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THE LIFE OF ROXANA

so supply her that she could live comfortably, and not want it for bread or other necessaries, she should not make use of it, but lay up the income of it, and add it every year to the principal, so to increase the annual payment, which in time, and perhaps before she might come to want it, might double itself; that we were very willing whatever she should so lay up should be to herself, and whoever she thought fit after her; but that the forty pounds a year must return to our family after her life, which we both wished might be long and happy.

Let no reader wonder at my extraordinary concern for this poor woman, or at my giving my bounty to her a place in this account. It is not, I assure you, to make a pageantry of my charity, or to value myself upon the greatness of my soul, that should give in so profuse a manner as this, which was above my figure, if my wealth had been twice as much as it was; but there was another spring from whence all flowed, and 'tis on that account I speak of it. Was it possible I could think of a poor desolate woman with four children, and her husband gone from her, and perhaps good for little if he had stayed I say, was I, that had tasted so deep of the sorrows of such a kind of widowhood, able to look on her, and think of her circumstances, and not be touched in an uncommon manner? No, no; I never looked on her and her family, though she was not left so helpless and friendless as I had been, without remembering my own condition, when Amy was sent out to pawn or sell my pair of stays to buy a breast of mutton and a bunch of turnips; nor could I look on her poor children, though not poor and perishing, like mine, without tears; reflecting on the dreadful condition that mine were reduced to, when poor Amy sent them all into their aunt's in Spitalfields, and run away from them. These were the original springs, or fountain-head, from whence my affectionate thoughts were moved to assist this poor woman.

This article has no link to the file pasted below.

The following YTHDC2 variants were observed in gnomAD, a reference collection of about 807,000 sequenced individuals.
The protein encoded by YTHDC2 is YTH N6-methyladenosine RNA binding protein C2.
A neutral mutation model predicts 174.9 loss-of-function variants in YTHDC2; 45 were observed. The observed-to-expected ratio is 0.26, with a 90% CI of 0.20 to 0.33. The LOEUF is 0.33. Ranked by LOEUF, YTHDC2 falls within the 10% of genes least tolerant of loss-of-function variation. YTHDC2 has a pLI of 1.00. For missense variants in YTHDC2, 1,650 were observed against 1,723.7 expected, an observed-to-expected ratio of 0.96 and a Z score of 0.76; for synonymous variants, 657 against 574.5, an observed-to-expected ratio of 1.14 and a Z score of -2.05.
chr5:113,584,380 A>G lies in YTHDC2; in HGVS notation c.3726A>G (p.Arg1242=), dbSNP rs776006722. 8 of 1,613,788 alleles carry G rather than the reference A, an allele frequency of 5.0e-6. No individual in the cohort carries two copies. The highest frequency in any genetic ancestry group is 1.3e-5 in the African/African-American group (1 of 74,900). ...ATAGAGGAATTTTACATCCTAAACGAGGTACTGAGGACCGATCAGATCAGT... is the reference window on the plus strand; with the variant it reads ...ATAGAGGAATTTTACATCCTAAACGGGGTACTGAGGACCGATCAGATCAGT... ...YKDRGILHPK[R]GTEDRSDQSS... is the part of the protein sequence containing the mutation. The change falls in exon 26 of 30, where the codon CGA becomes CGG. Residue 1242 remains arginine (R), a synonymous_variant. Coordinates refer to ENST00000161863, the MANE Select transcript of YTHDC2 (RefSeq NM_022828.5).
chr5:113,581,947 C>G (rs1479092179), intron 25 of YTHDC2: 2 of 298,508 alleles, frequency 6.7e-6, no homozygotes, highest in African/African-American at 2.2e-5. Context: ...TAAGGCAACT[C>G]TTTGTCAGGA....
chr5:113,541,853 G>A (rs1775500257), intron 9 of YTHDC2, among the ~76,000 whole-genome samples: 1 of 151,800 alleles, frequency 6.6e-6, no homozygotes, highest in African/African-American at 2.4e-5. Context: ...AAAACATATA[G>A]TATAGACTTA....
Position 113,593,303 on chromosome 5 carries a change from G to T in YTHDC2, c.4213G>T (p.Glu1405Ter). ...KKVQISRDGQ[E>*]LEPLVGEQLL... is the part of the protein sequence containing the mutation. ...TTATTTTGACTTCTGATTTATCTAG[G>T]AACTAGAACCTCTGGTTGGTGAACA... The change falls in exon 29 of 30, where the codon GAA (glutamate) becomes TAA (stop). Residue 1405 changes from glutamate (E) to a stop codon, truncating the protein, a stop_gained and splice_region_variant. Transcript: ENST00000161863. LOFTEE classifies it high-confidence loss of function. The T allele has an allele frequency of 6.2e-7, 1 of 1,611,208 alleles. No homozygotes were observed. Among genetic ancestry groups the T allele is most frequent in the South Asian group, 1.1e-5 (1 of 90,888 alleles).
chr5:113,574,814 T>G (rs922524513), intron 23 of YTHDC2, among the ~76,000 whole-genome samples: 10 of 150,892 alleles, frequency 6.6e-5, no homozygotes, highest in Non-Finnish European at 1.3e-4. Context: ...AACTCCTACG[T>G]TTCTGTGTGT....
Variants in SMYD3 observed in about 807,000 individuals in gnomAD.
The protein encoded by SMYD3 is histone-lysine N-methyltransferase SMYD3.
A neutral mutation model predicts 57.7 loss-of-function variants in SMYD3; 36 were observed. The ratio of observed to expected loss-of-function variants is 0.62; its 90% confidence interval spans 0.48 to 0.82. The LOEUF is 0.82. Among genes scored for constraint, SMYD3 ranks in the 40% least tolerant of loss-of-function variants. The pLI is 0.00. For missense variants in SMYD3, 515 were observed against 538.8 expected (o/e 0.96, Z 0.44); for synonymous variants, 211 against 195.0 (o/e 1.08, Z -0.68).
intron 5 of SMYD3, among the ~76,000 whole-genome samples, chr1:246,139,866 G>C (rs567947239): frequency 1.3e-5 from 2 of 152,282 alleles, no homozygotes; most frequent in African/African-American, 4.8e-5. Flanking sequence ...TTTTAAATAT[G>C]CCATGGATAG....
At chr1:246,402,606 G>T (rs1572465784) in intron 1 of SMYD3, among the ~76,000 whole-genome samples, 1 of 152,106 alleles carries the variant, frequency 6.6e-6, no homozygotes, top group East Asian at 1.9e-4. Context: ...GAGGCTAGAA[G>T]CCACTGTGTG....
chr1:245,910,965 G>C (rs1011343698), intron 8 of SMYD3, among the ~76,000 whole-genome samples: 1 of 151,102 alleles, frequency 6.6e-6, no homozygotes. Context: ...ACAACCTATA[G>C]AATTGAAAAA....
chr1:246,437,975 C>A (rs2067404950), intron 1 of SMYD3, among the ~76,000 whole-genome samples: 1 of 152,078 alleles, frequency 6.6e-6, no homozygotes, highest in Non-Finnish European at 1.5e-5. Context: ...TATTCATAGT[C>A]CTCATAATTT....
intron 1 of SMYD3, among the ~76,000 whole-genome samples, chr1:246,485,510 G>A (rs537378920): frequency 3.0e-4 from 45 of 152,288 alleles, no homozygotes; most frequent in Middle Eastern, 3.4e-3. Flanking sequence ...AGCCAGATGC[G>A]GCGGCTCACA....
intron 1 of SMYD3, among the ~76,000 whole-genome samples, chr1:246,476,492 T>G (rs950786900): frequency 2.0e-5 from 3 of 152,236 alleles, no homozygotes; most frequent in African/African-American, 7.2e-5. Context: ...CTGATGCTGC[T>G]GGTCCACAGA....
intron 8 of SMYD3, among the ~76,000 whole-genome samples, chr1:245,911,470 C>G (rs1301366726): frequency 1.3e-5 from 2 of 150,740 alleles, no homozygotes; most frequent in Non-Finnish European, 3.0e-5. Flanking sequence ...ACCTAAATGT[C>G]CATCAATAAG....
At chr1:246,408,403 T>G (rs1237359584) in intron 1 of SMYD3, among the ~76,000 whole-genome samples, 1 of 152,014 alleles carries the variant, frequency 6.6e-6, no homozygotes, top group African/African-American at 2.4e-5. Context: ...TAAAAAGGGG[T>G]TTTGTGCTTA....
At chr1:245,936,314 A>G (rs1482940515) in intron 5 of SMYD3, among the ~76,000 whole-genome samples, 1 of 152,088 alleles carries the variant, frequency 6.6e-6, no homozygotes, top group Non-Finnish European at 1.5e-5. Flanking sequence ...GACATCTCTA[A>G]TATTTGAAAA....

When a poor debtor, having lain long in the Compter, or Ludgate, or the King's Bench for debt, afterwards gets out, rises again in the world, and grows rich, such a one is a certain benefactor to the prisoners there, and perhaps to every prison he passes by as long as he lives, for he remembers the dark days of his own sorrow; and even those who never had the experience of such sorrows to stir up their minds to acts of charity would have the same charitable, good disposition did they as sensibly remember what it is that distinguishes them from others by a more favourable and merciful Providence.

This, I say, was, however, the spring of my concern for this honest, friendly, and grateful Quaker; and as I had so plentiful a fortune in the world, I resolved she should taste the fruit of her kind usage to me in a manner that she could not expect.

All the while I talked to her, T saw the disorder of her mind; the sudden joy was too much for her, and she coloured, trembled, changed, and at last grew pale, and was, indeed, near fainting, when she hastily rung a little bell for her maid, who, coming in immediately, she beckoned to her for speak she could not to fill her a glass of wine; but she had no breath to take it in, and was almost choked with that which she took in her mouth. I saw she was ill, and assisted her what I could, and with spirits and things to smell to just kept her from fainting, when she beckoned to her maid to withdraw, and immediately burst out in crying, and that relieved her. When she recovered herself a little, she flew to me, and, throwing her arms about my neck, 'Oh!' says she, 'thou hast almost